Suffolk Consv Chair To Candidate Cox: Drop Out

Suffolk County Conservative Chairman Ed Walsh is calling on Chris Cox to drop his bid for Congress in Long Island’s 1st CD and back one of his two primary opponents, Randy Altschuler, reasoning it has become clear Cox “does not have a viable path to victory” against the Democratic incumbent, Rep. Tim Bishop.

“When faced with the prospect of a Republican primary being waged by Stephen Lebate in the 2nd Congressional District earlier this year, Republican Party Chairman John Jay LaValle’s response to a press query was that Mr. Lebate would have to ‘choose between whether he would do what is in the best interest of the man or the mission,’” Walsh wrote in a letter to Cox today.

“It’s now time for you to heed Chairman LaValle’s advice in the 1st Congressional District. Christopher, you should withdraw your candidacy and support Randy Altschuler. Our shared responsibility for taking back this seat must be about the mission and not the individual; it’s the right thing to do for Suffolk County and for America.”

Altschuler is the Conservative Party’s designee in NY-1.
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Bloomberg Raises For C. Johnson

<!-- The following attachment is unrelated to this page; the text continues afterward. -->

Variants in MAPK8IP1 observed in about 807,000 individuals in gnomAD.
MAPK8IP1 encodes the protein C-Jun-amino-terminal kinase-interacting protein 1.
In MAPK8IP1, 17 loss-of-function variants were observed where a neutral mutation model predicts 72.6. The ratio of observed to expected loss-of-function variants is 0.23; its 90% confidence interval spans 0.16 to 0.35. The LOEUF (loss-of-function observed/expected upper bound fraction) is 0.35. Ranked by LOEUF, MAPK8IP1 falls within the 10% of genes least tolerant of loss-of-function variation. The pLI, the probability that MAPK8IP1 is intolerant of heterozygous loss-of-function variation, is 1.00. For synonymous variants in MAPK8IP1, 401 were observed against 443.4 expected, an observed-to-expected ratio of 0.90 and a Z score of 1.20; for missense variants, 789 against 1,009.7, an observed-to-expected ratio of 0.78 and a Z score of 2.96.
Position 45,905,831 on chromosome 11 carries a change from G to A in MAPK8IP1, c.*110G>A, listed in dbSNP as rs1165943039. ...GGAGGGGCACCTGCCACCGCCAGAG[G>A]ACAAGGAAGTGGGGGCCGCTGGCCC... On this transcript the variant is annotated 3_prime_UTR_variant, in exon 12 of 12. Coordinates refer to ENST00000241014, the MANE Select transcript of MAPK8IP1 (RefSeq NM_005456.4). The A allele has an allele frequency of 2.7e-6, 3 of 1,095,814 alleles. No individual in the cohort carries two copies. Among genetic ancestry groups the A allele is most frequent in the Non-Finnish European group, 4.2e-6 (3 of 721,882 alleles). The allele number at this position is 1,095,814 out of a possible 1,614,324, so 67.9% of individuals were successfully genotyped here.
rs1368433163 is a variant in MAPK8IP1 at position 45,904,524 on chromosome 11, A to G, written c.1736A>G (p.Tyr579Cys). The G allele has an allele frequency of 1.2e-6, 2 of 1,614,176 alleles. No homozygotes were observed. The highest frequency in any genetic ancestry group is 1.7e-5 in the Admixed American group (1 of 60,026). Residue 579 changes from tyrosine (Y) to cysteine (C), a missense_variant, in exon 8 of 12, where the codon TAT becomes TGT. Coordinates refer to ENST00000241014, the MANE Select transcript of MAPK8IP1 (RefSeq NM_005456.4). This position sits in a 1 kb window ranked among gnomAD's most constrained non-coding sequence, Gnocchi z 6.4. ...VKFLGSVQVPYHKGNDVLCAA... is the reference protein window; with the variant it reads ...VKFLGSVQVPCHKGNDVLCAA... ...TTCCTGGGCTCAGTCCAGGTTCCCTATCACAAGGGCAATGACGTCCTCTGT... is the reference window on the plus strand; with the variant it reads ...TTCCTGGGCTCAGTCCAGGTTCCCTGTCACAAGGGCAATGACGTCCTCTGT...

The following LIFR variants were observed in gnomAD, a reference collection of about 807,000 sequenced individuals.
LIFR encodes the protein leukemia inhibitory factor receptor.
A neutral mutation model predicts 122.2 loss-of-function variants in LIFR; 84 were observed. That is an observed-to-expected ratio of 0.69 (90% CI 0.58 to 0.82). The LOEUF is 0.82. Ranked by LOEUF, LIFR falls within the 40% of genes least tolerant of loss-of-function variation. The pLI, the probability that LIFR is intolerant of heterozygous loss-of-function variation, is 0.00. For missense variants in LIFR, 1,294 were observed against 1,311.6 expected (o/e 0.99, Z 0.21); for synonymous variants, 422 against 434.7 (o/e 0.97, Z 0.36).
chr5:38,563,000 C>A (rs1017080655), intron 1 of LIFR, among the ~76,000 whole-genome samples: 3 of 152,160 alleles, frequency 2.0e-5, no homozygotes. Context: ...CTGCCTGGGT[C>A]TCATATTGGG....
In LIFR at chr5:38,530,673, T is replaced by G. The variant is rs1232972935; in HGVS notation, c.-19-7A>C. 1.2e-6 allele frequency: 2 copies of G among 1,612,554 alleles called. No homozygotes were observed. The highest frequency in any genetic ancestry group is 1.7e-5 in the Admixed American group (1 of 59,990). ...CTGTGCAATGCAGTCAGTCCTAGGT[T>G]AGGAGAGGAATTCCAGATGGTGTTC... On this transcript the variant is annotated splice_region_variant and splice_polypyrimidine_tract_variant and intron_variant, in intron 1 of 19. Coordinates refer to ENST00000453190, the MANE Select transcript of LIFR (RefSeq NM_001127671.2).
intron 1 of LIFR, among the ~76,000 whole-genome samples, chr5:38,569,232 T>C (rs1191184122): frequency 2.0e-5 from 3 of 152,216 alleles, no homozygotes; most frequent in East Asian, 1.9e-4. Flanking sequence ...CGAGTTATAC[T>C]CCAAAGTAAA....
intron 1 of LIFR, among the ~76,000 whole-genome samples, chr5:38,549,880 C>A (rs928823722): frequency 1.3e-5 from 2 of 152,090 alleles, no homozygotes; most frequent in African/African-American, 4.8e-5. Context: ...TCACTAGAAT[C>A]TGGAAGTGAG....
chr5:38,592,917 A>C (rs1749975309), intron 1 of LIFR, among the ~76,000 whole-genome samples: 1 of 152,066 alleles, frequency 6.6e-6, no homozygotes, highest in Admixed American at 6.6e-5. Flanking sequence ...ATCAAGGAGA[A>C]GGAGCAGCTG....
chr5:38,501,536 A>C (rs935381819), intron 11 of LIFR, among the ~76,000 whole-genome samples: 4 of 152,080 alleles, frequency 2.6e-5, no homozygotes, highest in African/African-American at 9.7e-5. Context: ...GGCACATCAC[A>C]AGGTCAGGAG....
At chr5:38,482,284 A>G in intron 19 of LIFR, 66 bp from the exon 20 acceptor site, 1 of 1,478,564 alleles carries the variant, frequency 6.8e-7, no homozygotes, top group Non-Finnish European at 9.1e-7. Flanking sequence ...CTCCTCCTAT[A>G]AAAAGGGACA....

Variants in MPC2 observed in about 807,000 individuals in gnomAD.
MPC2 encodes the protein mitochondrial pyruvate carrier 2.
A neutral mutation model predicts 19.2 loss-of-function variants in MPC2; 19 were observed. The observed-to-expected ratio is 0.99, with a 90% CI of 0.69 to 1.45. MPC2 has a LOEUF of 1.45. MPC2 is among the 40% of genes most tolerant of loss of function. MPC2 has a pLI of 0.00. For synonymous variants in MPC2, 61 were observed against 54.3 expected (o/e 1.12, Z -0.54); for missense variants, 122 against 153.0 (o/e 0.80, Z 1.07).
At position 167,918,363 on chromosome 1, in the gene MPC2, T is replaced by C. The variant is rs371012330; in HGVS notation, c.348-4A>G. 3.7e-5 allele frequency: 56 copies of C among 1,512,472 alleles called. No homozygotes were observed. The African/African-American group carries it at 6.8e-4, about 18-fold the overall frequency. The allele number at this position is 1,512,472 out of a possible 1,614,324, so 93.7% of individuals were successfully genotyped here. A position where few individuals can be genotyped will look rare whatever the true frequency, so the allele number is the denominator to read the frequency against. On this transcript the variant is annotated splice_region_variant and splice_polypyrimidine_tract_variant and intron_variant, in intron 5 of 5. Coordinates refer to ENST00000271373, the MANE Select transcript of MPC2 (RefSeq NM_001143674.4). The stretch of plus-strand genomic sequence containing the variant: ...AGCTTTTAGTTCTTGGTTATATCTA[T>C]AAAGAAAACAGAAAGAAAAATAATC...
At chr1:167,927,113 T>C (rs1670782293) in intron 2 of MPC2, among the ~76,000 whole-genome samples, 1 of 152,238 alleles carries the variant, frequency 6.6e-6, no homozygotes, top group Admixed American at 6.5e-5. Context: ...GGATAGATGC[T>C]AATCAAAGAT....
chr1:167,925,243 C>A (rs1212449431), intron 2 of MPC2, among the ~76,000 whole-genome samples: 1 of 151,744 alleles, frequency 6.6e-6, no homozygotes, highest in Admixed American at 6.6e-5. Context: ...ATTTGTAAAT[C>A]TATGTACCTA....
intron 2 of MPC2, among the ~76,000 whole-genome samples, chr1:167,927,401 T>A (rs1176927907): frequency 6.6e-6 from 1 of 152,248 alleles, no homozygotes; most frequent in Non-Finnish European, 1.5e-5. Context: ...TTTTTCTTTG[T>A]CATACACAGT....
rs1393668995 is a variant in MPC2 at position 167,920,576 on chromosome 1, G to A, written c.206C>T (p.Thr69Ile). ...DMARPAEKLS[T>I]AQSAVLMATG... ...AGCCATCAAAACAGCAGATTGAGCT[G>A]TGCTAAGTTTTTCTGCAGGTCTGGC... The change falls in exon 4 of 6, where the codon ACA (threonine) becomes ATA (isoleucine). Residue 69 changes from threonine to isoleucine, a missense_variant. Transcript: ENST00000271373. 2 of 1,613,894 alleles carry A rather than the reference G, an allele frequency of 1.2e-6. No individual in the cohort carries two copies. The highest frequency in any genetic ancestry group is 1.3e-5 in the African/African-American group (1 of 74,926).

Mayor Bloomberg is making good on his pledge to assist senators who support key aspects of his agenda, regardless of their political affiliation, by lending his name to a fundraiser next Monday to support Democratic Sen. Craig Johnson.

The $1,000-a-head event is being held at the Manhattan home of Michael Del Giudice, a founding member of the private equity company Rockland Capital and a former aide to ex-Govs. Mario Cuomo and Hugh Carey.

Johnson has been a fierce proponent of charter schools, which is one of Bloomberg’s pet issues. (Recall that this issue has also become a cause celebre of late for certain New York hedge funds, which are backing primary challengers like Basil Smikle, a former Bloomberg aide, against charter opponents like Sen. Bill Perkins).